The British measurement of inflation has long been chaotic and, in part, backward. After the latest review, it is shambolic.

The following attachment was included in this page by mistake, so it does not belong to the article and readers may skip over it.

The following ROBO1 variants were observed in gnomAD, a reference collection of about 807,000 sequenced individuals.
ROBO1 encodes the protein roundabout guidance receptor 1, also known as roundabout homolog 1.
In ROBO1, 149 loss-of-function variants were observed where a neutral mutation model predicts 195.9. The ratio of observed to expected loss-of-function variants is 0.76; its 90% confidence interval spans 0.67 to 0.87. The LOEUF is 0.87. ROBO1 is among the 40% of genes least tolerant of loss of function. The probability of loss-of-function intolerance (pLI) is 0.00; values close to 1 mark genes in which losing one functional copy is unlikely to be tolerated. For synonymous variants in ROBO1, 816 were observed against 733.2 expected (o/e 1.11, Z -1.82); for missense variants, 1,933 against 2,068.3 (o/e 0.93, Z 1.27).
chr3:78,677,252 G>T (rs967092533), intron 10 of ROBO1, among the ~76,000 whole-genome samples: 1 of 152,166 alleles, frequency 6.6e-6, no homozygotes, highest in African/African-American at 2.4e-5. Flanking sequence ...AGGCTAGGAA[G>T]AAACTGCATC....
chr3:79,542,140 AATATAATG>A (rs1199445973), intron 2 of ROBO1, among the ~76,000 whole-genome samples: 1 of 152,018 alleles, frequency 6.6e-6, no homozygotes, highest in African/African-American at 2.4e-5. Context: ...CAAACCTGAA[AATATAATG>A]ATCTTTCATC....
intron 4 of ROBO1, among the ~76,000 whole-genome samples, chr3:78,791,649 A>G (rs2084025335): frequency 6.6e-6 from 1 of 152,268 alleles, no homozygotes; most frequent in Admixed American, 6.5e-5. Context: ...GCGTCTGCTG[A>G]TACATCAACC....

The chaotic bit was the use of two main measures. The Consumer Price Index meets European and modern statistical standards, but does not include housing expense. That omission makes it unfit for one of its main applications, guiding the Bank of England’s monetary policy. The unfit aspect was the calculation of the Retail Price Index (RPI), a measure which does include mortgage payments. It uses a mathematically flawed technique for aggregating prices, one which has been abandoned almost everywhere.